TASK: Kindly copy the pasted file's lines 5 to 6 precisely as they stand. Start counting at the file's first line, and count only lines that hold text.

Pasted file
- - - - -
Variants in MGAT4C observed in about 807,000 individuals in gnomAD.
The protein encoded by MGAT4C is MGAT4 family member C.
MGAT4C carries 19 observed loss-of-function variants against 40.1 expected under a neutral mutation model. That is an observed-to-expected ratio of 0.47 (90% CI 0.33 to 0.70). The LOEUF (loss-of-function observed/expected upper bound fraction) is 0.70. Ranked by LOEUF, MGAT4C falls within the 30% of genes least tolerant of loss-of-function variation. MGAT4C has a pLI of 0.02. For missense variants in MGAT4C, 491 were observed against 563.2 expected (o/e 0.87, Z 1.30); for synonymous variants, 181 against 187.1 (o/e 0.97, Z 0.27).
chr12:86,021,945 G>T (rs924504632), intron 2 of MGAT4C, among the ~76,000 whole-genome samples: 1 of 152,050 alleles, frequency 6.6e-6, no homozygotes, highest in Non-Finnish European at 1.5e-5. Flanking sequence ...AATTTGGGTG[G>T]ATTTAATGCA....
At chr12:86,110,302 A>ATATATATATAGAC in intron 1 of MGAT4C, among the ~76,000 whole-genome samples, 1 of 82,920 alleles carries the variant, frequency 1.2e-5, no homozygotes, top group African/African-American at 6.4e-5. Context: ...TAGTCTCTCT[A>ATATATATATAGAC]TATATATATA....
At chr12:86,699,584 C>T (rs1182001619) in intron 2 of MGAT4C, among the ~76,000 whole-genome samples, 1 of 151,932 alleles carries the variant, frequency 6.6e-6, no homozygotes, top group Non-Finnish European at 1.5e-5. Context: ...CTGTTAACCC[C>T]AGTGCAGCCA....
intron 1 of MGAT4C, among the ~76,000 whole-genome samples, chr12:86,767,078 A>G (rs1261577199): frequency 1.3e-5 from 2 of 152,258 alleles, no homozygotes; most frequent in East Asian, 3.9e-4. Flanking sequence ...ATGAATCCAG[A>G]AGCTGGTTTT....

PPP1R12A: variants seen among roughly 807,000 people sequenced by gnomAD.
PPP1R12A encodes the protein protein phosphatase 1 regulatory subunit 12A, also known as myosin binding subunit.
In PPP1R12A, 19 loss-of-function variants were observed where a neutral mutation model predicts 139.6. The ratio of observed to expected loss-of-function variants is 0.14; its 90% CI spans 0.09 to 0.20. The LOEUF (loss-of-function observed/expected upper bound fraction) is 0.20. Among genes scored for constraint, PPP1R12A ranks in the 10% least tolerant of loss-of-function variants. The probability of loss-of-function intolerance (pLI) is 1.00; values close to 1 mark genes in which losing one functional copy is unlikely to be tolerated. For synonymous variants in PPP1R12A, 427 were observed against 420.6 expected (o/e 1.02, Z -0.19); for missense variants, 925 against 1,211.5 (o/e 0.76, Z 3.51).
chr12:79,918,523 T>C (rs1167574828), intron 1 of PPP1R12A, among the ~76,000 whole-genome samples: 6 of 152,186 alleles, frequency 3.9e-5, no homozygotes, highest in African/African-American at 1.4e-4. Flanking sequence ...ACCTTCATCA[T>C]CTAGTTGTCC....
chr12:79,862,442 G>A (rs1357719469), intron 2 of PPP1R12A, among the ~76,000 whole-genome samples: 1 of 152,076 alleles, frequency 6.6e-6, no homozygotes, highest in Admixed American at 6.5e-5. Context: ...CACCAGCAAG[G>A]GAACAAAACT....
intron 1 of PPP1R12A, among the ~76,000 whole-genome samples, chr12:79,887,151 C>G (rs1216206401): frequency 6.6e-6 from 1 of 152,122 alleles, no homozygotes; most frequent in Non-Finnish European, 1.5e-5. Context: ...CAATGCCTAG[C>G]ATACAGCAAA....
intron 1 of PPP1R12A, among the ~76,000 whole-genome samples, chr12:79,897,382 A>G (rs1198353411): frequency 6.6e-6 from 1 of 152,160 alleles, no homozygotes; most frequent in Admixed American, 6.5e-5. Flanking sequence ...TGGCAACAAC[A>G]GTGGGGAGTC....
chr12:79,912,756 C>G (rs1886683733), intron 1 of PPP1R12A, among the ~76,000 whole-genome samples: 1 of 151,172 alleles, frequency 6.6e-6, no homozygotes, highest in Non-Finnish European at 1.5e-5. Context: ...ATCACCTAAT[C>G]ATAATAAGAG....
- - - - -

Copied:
At chr12:86,110,302 A>ATATATATATAGAC in intron 1 of MGAT4C, among the ~76,000 whole-genome samples, 1 of 82,920 alleles carries the variant, frequency 1.2e-5, no homozygotes, top group African/African-American at 6.4e-5. Context: ...TAGTCTCTCT[A>ATATATATATAGAC]TATATATATA....
At chr12:86,699,584 C>T (rs1182001619) in intron 2 of MGAT4C, among the ~76,000 whole-genome samples, 1 of 151,932 alleles carries the variant, frequency 6.6e-6, no homozygotes, top group Non-Finnish European at 1.5e-5. Context: ...CTGTTAACCC[C>T]AGTGCAGCCA....